• U.S. Pub. No. 2007/0179776, published Aug. 2, 2007, entitled LINGUISTIC USER INTERFACE, by Frédérique Segond and Claude Roux, discloses a system for retrieval of text. The system identifies grammar rules associated with text fragments of a text string that is retrieved from an associated storage medium, and retrieves text strings from the storage medium which satisfy the grammar rules. A display displays retrieved text strings. A user input device in communication with the processor enables a user to select text fragments of the displayed text strings for generating a query. Grammar rules associated with the user-selected text fragments are used by the system for retrieving text strings from the storage medium which satisfy the grammar rules.
  • BRIEF DESCRIPTION
  • In accordance with one aspect of the exemplary embodiment, an apparatus includes a system for expectation fulfillment evaluation stored in memory. The system includes a natural language processing component that extracts a first set of normalized tasks from an input expectation document and extracts a second set of normalized tasks from an input fulfillment document. A task list comparison component compares the first and second sets of tasks and identifies each match between a normalized task in the first set and a normalized task in the second set, each normalized task in the first set which has no matching task in the second set, and each normalized task in the second set which has no matching task in the first set. A report generator outputs a report based on the comparison. A processor in communication with the memory implements the system.
  • In accordance with another aspect a method for expectation fulfillment evaluation is provided. The method includes natural language processing an input expectation document to extract a first set of normalized tasks and an input fulfillment document to extract a second set of normalized tasks, comparing the first and second sets of normalized tasks to identify for each normalized task in the first set, whether there is a matching normalized task in the second set and for each normalized task in the second set, whether there is a matching normalized task in the first set, and outputting a report based on the comparison. In the method, one or more of the processing, comparing, and outputting may be implemented by a computer processor.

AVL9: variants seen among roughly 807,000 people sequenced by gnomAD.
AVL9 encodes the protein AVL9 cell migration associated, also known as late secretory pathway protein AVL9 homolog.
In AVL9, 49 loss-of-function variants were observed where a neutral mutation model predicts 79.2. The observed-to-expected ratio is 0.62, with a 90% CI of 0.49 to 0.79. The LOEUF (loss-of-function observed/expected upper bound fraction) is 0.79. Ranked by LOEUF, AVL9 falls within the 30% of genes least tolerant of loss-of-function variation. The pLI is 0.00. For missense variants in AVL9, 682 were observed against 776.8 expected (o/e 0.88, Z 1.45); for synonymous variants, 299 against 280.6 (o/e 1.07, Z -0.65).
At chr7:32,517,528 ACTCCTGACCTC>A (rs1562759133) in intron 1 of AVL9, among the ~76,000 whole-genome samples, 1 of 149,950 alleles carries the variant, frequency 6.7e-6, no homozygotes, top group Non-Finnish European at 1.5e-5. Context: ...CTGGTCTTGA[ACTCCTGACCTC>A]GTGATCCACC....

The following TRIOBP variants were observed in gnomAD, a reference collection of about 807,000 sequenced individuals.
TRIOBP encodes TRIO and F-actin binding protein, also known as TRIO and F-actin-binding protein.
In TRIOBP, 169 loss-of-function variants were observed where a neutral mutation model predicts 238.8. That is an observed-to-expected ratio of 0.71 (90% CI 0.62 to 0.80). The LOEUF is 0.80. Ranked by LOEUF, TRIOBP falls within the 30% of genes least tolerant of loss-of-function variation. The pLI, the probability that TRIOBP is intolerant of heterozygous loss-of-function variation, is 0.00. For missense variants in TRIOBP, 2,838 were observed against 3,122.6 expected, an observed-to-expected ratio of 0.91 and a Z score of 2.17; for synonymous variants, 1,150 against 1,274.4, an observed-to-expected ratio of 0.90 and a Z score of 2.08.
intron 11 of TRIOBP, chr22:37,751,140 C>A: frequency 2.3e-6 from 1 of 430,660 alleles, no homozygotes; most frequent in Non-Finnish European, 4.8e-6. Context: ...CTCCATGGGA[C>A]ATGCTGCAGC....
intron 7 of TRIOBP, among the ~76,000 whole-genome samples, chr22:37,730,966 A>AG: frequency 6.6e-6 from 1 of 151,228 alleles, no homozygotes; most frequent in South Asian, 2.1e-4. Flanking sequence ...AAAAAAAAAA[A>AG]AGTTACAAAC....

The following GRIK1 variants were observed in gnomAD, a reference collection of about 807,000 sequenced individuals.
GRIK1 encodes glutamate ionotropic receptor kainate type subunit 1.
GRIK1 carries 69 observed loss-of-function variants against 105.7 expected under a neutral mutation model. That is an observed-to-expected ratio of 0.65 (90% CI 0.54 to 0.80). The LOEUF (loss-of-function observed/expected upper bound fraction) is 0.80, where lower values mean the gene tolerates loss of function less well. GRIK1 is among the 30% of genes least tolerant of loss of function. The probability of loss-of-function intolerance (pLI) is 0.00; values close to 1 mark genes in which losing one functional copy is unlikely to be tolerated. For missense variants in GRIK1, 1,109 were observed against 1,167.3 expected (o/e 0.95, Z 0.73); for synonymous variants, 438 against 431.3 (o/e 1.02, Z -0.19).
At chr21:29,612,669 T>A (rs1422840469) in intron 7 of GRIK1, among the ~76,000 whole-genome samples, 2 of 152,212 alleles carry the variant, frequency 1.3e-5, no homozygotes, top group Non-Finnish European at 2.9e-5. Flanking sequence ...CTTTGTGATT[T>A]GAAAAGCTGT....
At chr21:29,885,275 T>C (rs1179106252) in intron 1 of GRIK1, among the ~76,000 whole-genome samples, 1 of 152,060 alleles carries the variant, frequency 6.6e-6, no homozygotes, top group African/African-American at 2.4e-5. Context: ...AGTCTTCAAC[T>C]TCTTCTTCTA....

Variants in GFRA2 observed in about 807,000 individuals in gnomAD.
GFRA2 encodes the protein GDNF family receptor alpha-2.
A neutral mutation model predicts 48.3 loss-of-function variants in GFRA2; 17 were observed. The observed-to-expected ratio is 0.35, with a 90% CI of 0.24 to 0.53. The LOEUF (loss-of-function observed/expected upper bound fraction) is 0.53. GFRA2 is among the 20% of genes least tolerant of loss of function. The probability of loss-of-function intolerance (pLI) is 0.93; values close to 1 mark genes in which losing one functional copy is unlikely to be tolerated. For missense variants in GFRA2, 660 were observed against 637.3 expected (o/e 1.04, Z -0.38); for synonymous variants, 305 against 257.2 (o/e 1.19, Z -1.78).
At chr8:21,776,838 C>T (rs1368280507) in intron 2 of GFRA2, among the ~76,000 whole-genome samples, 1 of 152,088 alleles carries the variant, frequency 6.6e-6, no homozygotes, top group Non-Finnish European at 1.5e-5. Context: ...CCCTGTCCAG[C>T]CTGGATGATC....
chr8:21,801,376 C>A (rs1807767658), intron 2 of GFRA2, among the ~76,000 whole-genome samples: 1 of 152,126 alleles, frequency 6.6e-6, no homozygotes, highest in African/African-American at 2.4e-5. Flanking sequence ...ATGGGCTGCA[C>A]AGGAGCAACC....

• In another aspect, a method for generating a report summarizing an employee's performance is provided. The method includes natural language processing an input employee objectives document, the objectives document describing tasks to be performed in an appraisal period, to extract a first set of normalized tasks, natural language processing an input employee appraisal document, the appraisal document describing tasks performed in the appraisal period, to extract a second set of normalized tasks, and natural language processing an input comments document, the comments document including comments on the employee's performance in the appraisal period, to extract an opinion from the comments document. The method further includes comparing the first set of normalized tasks with the second set of normalized tasks, including: identifying each normalized task from the first list which has a corresponding matching normalized task in the second list and for which their deadlines are compatible, identifying each normalized task from the first list which has a corresponding matching normalized task in the second list and for which their deadlines are not compatible, identifying each normalized task from the first list which has no corresponding matching normalized task in the second list, and identifying each normalized task from the second list which has no corresponding matching normalized task in the first list. Statistics are generated, based on the comparing. A report is generated, based on the statistics and extracted opinion. Optionally, the method includes providing for input of user comments to the report. The report incorporating any input user comments is output.
  • BRIEF DESCRIPTION OF THE DRAWINGS